Robert Colvile is a freelance journalist and global fellow at PS21, formerly head of comment at Telegraph and news at BuzzFeed UK. He tweets at @rcolvile.
Over the past few weeks, Twitter’s been all over Twitter. It launched the new (and impressive) Moments tool; it got a new CEO (well, half of one); hefired 336 people; and pretty much everyone started talking about what was going right and wrong with the company, not least after reading this impassioned piece on Medium by umair haque.
I don’t think Twitter’s doomed at all. But I do think Twitter as we’ve known itis dying. And the verdict will be both murder and suicide — on the part of both Twitter’s management and its keenest users.
Twitter became popular, in essence, because it was where the cool people came to hang out. Celebrities and journalists came to talk to their fans, and each other.
For British journalists like me, for example, it was a godsend — it provided a way for us all to bitch and gossip and stroke each other’s egos in a way that we hadn’t had since the move out of Fleet Street scattered the big newspapers to the four winds. Even better — it turned out there were quite a few people out there who didn’t actually work in journalism, but were still just as funny and clever as us hacks, and often even more so. It was like being one of those great pubs where you’re pretty much always guaranteed to bump into someone you know.
What changed, as Umair and other disillusioned tweeters have said, was the signal to noise ratio. Partly, this is down to the problem of abuse that Umair identified — the way that the seemingly infinite horde of trolls and zealots and bores would intrude into conversations or shout you down (especially if you were a woman).
But there was a stylistic change as well. Journalists, and news organisations in general, noticed that Twitter was a good way to pick up traffic. Well, not traffic as such: a report back in January claimed that it’s responsible for driving less than 1 per cent of traffic to sites, compared with roughly 25 per cent for Facebook. Still, Twitter links remained important because it was a good way to reach an influential audience — plus, people often go on to repost the same links on Facebook, where the traffic magic happens.
Gradually, over time, people worked out the hierarchy of attention. A tweet like this wouldn’t do that well:
A picture would do better:
As would a screenshot:
Or best of all, a bit of movement:
Twitter has always been a place for link-dumping: on a busy day, you’d drop in the pieces you’d written or edited then get back to your deadlines without stopping for a chat. But on top of that, it’s now a visual experience as much as a written one.
I was talking to a friend about this — one with an order of magnitude more followers than me — and he mentioned that it was increasingly rare for a tweet to take off without a picture attached. Many news organisations now actively order their staffers to include them when promoting pieces; meanwhile, Twitter’s own links pull in pictures even without you asking them to. But all that in turn makes the conversation harder to pick out, without carefully curating your feed: it’s buried within a mountain of tweets all screaming “SHARE ME!”.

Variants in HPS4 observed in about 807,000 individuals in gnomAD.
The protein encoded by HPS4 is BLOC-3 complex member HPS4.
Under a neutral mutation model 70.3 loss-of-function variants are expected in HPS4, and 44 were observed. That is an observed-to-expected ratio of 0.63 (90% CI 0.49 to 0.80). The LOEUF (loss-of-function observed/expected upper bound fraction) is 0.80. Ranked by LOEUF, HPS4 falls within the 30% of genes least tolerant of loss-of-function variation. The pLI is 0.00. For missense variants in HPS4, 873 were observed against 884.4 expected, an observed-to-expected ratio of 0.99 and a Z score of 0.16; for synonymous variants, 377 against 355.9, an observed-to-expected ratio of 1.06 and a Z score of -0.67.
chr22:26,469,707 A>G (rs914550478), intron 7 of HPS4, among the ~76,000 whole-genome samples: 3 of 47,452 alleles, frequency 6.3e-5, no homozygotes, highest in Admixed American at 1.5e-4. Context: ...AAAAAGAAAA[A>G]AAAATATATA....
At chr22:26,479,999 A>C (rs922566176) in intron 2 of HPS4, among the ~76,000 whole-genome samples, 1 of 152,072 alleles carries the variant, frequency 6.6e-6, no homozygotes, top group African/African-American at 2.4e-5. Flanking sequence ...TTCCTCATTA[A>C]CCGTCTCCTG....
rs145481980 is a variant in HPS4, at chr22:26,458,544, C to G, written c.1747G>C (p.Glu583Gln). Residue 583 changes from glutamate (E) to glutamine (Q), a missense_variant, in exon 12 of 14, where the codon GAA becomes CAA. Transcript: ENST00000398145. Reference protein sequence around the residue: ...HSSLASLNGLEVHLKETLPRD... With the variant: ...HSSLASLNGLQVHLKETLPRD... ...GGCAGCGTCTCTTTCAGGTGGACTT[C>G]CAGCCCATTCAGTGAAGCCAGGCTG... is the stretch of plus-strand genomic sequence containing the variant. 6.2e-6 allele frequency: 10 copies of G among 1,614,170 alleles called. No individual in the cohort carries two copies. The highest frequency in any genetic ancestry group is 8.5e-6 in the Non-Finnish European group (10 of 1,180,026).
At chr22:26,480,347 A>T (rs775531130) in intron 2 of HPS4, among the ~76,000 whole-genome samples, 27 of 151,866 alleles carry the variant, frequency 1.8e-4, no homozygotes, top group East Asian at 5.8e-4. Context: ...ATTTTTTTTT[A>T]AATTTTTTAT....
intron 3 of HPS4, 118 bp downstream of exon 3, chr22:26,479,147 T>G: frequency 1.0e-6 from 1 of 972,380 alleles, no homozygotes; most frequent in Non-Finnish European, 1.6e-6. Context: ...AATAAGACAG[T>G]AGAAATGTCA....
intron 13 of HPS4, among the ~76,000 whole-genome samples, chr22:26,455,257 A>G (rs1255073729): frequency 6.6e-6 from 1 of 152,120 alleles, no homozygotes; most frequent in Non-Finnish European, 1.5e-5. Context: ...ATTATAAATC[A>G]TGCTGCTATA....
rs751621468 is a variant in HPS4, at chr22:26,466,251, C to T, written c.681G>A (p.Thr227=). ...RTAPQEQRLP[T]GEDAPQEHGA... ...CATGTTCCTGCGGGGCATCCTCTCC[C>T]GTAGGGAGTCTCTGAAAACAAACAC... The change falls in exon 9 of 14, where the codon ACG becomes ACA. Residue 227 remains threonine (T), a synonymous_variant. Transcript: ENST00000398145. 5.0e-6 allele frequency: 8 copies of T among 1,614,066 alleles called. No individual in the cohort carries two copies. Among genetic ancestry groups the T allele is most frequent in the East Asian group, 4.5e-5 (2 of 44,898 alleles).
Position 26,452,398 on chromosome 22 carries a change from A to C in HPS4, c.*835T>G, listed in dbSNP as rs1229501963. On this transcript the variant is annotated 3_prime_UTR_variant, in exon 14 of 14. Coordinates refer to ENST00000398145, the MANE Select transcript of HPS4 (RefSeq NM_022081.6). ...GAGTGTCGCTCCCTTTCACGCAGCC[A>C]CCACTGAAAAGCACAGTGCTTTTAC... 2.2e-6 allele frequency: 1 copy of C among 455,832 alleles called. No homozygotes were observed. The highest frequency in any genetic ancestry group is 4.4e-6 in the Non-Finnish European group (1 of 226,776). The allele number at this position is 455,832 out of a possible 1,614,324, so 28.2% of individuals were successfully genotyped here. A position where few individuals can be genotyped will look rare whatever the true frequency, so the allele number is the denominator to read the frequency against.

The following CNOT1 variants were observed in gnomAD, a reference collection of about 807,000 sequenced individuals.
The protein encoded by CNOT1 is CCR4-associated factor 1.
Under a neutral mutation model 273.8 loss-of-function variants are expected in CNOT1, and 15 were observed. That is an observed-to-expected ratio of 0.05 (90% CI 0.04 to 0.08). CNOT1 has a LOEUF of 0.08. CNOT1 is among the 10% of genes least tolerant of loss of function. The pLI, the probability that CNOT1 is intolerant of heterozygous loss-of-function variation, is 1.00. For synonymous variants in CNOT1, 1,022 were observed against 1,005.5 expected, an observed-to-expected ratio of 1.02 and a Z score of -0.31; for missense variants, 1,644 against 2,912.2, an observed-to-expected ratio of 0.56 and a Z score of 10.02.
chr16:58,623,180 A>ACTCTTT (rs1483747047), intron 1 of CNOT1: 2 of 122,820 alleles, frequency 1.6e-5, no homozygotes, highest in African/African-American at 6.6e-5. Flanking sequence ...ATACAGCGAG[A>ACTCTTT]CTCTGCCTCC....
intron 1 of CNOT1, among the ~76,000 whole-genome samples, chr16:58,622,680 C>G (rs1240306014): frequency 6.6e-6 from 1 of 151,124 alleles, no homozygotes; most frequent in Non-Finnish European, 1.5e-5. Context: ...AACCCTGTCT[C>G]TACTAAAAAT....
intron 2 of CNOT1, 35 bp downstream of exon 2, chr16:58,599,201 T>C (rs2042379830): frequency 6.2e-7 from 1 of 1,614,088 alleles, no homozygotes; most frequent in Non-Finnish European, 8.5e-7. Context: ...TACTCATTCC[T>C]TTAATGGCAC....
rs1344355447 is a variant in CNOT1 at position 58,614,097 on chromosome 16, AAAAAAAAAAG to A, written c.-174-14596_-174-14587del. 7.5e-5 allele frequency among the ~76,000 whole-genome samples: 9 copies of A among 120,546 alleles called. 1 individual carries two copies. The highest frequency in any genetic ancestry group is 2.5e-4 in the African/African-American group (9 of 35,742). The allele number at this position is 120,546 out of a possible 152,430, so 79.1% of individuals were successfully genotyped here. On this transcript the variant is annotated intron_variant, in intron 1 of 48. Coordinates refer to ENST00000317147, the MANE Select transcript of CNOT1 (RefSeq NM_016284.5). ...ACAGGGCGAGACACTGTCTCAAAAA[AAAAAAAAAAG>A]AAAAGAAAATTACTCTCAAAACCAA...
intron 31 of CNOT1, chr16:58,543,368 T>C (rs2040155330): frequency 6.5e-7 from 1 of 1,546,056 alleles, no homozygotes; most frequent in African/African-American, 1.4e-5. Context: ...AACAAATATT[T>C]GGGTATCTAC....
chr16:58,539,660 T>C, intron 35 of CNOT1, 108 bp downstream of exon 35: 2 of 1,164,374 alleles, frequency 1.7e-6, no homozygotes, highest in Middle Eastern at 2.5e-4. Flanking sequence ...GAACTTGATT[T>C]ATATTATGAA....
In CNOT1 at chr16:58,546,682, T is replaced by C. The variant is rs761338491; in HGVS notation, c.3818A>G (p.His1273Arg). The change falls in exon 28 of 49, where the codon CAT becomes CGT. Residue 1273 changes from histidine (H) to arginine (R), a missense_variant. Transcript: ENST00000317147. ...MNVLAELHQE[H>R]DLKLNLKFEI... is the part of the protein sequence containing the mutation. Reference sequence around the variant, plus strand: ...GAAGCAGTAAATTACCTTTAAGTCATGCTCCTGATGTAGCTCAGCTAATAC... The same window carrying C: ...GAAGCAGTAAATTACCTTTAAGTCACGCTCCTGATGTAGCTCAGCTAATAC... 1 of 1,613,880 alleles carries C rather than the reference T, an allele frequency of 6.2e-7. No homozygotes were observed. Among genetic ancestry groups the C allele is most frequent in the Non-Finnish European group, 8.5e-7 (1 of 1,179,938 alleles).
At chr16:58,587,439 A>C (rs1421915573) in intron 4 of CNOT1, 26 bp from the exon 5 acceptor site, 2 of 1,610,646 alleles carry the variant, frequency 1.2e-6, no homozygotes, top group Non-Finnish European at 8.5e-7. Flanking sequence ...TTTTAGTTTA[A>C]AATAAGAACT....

It isn’t just the users who are powering this shift: it’s Twitter’s management as well.
Twitter’s problem is that it had crafted an invaluable public space — one which emerged almost by accident, with the users themselves coming up with many of the conventions, such as RTs or hashtags, that gave the service its power.
But the new economic model isn’t about offering a service — it’s about growth. Remorseless, exponential, competitor-trouncing growth. (I get into the reasons in my new book, out in April — pre-order your copy here…) Signing up two million people in a quarter wasn’t something to shout about — it was a sign you were lagging behind.
Twitter couldn’t be a great pub conversation and hit its targets for audience and revenue growth. It had to become a public meeting hall, even if that meant that it was full of people shouting over each other, or carrying around giant advertising billboards.
To see where Twitter’s going, consider the Moments service. This is a really fascinating idea — to aggregate the best content on each separate micro-story and make it seamlessly available. To borrow the pub metaphor, it’s like having someone sitting in the corner who’s actually saying sober, writing down all the funniest lines and editing out the dross (exactly what Boswell did for Johnson, in fact).
I wanted to learn more about Moments, so took a look at the guidelines and principles Twitter has published. And what leapt out was this sentence at the bottom:
In other words, just like those media brands, Twitter sees Twitter as a visual medium: it thinks people want less talk, and more video.
In the grand scheme of things, it’s almost certainly the right decision: one of the big trends on the web is that images are eating text, and video is eating images. If Twitter wants to be one of the big boys like Facebook or Snapchat — and that’s certainly what its investors want — then it has to follow the big trends. The problem is that the bigger it gets, the more packed with images and GIFs and self-promotion and shouting, the further it moves away from what made it so attractive in the first place.
This article originally appeared on Medium on October 22, 2015.
PS21 is a non-national, non-ideological, non-partisan organization. All views are the author’s own.